Ruth Hoff, associate professor of languages , published an article titled "Questions of Gender a nd Religious Foundation in Halma" in the December 2006 issue of the Bulletin of Spanish Studies.

James Huffman, H. Orth Hirt Professor of History, has published "Restoration and Revolution" in the 2007 A Companion to Japanese History. Part of the Blackwell Companions to World History series, the work "provides an authoritative overview of current debates and approaches within the study of Japan's history," written by "an international group of scholars." Huffman's chapter deals with the 1860- 90 period. He also published "Looking Both Ways: The Use of Meiji Travel Literature in the Classroom," a discussion of the writings of both Japanese and American travelers to and from Japan in the late 19th century in the Winter 2006 issue of Education About Asia.

Artimus Keiffer, assistant professor of geography, hosted the annual conference of t he Pioneer A meric a Societ y / Association for the Preservation of Artifacts and Landscapes at Wittenberg this fall. He also launched and moderates a new list serve through H-Net on Material Culture. His revised, edited text The Geography of Ohio will be released by Kent State University Press in August.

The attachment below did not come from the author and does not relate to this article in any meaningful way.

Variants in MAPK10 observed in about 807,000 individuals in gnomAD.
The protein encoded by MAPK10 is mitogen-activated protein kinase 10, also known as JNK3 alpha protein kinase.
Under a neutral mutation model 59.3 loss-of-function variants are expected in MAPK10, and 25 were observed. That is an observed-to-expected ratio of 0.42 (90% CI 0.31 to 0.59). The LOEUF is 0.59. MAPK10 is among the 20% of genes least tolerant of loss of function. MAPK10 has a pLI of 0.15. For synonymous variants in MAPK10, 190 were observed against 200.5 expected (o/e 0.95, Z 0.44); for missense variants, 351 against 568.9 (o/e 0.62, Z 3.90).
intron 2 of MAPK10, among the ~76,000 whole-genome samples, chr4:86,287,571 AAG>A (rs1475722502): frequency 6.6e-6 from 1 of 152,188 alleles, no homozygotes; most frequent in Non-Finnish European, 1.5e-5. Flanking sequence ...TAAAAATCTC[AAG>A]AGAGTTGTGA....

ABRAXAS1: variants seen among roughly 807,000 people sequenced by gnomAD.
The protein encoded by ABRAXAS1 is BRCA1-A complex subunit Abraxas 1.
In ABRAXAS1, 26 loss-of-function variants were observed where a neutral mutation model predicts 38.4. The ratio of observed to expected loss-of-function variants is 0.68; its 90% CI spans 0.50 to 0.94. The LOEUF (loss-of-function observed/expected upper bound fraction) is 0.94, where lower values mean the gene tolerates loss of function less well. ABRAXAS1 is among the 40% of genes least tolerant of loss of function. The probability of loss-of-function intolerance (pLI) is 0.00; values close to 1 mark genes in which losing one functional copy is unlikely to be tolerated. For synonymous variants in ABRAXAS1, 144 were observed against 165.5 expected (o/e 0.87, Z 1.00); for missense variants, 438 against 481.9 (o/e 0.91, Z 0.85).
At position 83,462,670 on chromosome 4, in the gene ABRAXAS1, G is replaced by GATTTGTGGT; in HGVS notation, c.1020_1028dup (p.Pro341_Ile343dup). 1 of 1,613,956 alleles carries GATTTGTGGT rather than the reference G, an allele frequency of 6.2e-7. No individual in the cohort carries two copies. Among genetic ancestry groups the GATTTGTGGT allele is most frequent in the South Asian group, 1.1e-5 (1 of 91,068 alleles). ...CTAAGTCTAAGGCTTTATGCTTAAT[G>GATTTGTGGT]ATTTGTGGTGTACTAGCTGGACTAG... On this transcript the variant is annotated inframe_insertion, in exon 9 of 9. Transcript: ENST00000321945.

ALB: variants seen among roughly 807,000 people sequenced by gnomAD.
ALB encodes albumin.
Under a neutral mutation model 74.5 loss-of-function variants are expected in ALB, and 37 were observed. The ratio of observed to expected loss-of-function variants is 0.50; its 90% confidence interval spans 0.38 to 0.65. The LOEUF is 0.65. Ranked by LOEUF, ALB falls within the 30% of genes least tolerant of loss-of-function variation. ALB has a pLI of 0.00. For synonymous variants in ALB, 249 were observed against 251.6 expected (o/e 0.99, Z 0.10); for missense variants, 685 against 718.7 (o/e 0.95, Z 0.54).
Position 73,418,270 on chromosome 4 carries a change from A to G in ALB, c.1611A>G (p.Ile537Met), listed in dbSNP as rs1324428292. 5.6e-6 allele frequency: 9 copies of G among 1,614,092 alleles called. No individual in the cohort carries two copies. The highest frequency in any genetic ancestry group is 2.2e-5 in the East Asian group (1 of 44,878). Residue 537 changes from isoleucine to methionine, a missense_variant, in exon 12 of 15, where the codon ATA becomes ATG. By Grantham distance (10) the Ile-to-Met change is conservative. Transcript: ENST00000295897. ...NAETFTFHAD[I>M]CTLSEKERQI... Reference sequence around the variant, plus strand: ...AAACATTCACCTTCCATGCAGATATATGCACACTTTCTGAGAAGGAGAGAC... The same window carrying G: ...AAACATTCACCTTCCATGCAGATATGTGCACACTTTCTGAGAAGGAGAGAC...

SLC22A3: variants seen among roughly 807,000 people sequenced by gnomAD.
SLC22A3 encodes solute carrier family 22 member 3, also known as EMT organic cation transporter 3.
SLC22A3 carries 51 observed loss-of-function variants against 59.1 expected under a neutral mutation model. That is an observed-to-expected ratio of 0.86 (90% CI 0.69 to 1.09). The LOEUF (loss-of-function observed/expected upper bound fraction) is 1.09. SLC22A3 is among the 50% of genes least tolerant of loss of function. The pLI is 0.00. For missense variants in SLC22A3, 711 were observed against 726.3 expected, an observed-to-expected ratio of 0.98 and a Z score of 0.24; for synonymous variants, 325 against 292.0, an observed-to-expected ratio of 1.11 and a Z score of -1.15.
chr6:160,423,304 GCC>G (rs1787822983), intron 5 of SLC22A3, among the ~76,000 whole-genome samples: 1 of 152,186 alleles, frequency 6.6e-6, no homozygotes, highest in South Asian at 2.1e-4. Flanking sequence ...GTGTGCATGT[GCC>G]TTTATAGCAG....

Amy Livingstone, associate professor of history, co-edited a Festschrift honoring her late mentor titled Medieval Monks and Their World: Ideas and Realities, Studies in Honor of Richard E. Sullivan, which was published this fall. She also contributed the introduction and the essay "Brother Monk: Monks and Their Family in the Chartrain, 1000-1200 AD" to the volume. In addition, Livingstone had two essays published, including "For Better and For Worse: Women in Medieval Northern France, 1000-1500 C. E." in Women and Gender in Medieval Europe, and "The View from the Family Room: The Life and Times of Frank B. Livingstone," in Michigan Discussions in Anthropology. Livingstone also presented a paper at the 41st International Congress on Medieval Studies.